Neal Wydra
     
  9. ozphoto

    ozphoto Subscriber

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    My old type Paterson tanks leak like a faulty tap! I *never* use the inversion method - always use the twirly stick to agitate. It's a real PITA when it leaks after draining, but I just ensure I mop up the spills after the film processing.

    I've learned to live with it, and the washing powder manufacturers *love me* to bits. . . . . . .
     
  10. Newt_on_Swings

    Newt_on_Swings Member

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    I also remembered reading that if you can't do inversions you can also agitate on a table top by doing figure 8s to swirls the liquids.
     
  11. mablo

    mablo Member

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    I place the plastic lid on first without the small top cap (Hewes tank). It seems to alleviate air pressure in the tank and eliminates larger leaks.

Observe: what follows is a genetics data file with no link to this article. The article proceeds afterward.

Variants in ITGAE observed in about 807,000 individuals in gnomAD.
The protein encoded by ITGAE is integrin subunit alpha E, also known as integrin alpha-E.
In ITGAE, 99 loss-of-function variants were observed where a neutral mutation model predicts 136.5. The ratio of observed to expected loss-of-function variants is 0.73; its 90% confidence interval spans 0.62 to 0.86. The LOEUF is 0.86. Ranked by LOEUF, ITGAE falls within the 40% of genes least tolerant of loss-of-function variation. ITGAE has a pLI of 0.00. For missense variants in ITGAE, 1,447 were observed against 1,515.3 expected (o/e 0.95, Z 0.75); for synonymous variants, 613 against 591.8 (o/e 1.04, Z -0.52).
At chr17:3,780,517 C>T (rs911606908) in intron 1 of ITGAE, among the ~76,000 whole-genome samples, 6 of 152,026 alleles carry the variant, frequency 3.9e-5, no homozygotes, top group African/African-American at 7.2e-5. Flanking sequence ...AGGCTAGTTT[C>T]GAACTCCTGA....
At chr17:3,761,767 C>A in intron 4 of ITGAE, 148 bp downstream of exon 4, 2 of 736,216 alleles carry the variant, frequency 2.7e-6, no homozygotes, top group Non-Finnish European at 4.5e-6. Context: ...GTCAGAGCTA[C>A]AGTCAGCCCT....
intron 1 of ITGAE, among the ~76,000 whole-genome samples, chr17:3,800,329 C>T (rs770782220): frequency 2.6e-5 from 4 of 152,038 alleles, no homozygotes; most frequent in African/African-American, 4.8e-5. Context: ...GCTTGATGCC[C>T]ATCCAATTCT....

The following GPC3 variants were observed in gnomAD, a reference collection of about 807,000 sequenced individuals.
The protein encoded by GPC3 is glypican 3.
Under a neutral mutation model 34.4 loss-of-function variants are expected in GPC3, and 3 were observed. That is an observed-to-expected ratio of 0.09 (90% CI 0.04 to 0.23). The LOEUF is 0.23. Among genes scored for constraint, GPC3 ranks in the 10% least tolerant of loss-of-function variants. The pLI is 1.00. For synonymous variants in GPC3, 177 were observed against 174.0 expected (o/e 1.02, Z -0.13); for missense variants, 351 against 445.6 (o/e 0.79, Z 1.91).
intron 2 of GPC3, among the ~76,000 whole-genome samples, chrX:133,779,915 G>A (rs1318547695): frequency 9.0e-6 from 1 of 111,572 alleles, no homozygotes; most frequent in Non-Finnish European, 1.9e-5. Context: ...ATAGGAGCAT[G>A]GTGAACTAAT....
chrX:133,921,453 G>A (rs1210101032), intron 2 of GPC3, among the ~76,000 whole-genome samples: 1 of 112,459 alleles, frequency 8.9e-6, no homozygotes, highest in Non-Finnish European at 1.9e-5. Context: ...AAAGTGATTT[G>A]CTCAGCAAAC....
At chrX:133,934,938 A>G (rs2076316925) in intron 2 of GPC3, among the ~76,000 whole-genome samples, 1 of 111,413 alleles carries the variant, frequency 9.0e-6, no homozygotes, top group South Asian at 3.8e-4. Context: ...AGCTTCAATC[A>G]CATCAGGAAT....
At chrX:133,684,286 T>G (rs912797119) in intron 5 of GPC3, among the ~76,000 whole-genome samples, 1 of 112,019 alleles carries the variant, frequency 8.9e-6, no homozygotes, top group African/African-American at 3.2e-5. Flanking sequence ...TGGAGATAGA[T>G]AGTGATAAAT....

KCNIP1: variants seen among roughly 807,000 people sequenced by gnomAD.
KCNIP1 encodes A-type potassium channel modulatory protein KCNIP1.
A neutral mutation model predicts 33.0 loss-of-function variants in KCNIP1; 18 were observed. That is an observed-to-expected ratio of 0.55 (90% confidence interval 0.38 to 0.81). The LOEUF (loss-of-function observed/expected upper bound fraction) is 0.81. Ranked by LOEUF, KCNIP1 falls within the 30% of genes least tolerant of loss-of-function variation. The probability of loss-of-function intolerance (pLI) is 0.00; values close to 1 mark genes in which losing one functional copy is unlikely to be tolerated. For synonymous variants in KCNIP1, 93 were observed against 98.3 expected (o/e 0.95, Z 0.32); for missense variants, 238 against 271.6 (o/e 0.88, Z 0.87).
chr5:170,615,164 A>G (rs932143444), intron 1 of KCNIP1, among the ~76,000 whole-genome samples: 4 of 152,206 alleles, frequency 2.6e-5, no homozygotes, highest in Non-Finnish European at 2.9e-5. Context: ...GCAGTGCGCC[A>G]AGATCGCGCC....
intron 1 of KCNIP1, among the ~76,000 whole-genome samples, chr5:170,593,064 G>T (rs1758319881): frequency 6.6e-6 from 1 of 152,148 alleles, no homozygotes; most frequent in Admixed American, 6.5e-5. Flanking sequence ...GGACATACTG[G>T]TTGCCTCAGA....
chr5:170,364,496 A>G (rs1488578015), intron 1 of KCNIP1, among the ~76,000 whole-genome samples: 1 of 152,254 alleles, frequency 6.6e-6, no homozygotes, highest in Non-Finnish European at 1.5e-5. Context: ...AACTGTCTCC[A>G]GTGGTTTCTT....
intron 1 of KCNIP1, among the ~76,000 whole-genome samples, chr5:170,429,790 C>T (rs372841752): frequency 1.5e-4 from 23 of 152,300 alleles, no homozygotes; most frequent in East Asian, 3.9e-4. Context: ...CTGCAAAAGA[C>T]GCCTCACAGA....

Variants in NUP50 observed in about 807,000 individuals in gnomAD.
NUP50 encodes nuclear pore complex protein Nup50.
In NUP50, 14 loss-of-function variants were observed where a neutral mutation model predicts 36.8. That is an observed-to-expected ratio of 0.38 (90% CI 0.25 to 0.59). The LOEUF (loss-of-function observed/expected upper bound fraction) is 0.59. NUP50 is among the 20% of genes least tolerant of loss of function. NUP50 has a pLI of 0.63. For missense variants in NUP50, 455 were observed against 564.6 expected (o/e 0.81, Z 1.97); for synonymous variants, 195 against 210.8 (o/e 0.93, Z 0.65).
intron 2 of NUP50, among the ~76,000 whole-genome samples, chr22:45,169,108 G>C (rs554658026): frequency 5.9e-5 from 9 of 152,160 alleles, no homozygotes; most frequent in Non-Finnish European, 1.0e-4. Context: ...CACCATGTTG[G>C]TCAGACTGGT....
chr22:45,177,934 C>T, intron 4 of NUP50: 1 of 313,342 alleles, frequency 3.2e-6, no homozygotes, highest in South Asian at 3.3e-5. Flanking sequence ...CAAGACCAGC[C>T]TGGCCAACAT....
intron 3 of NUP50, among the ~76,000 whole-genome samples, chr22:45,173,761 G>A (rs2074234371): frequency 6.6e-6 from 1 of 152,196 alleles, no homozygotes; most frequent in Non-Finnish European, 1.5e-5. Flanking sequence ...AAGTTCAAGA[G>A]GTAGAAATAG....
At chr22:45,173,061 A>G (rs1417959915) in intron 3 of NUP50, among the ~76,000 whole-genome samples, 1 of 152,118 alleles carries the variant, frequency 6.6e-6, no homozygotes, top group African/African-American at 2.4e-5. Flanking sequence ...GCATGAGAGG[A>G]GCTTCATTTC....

12. Moopheus

    Moopheus Subscriber

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    This is kind of what I do, while rolling my wrist without doing a full inversion. I'm just glad to know I'm not the only one who has this problem. My Jobo tank has been pretty good at not leaking, though.
     
  13. Thomas Bertilsson

    Thomas Bertilsson Subscriber

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    Is it really a problem?

    Just use nitrile gloves when you process film, and any leaking chemicals do not get on your hands. No more problem.

    I have used JoBo, Paterson, Adorama, and Nikor/generic stainless tanks with plastic and metal lids, JoBo print drums for sheet film... They all leaked at one point or another.
     
  14. dasBlute

    dasBlute Subscriber

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    try teflon plumbers tape [plus nitrile gloves if your feel the need as others have suggested]